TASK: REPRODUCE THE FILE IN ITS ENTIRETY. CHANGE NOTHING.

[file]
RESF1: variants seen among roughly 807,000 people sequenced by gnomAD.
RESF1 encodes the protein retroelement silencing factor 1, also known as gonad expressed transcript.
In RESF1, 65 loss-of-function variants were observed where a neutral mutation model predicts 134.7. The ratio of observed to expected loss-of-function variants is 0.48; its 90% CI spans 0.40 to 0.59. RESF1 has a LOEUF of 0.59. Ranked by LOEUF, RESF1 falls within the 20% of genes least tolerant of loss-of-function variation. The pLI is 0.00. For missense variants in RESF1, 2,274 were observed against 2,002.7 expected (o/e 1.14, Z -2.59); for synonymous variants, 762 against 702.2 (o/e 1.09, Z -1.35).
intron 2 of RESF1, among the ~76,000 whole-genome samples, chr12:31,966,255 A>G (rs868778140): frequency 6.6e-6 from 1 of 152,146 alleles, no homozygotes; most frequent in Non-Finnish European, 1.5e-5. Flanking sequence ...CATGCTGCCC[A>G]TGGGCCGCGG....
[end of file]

RESF1: variants seen among roughly 807,000 people sequenced by gnomAD.
RESF1 encodes the protein retroelement silencing factor 1, also known as gonad expressed transcript.
In RESF1, 65 loss-of-function variants were observed where a neutral mutation model predicts 134.7. The ratio of observed to expected loss-of-function variants is 0.48; its 90% CI spans 0.40 to 0.59. RESF1 has a LOEUF of 0.59. Ranked by LOEUF, RESF1 falls within the 20% of genes least tolerant of loss-of-function variation. The pLI is 0.00. For missense variants in RESF1, 2,274 were observed against 2,002.7 expected (o/e 1.14, Z -2.59); for synonymous variants, 762 against 702.2 (o/e 1.09, Z -1.35).
intron 2 of RESF1, among the ~76,000 whole-genome samples, chr12:31,966,255 A>G (rs868778140): frequency 6.6e-6 from 1 of 152,146 alleles, no homozygotes; most frequent in Non-Finnish European, 1.5e-5. Flanking sequence ...CATGCTGCCC[A>G]TGGGCCGCGG....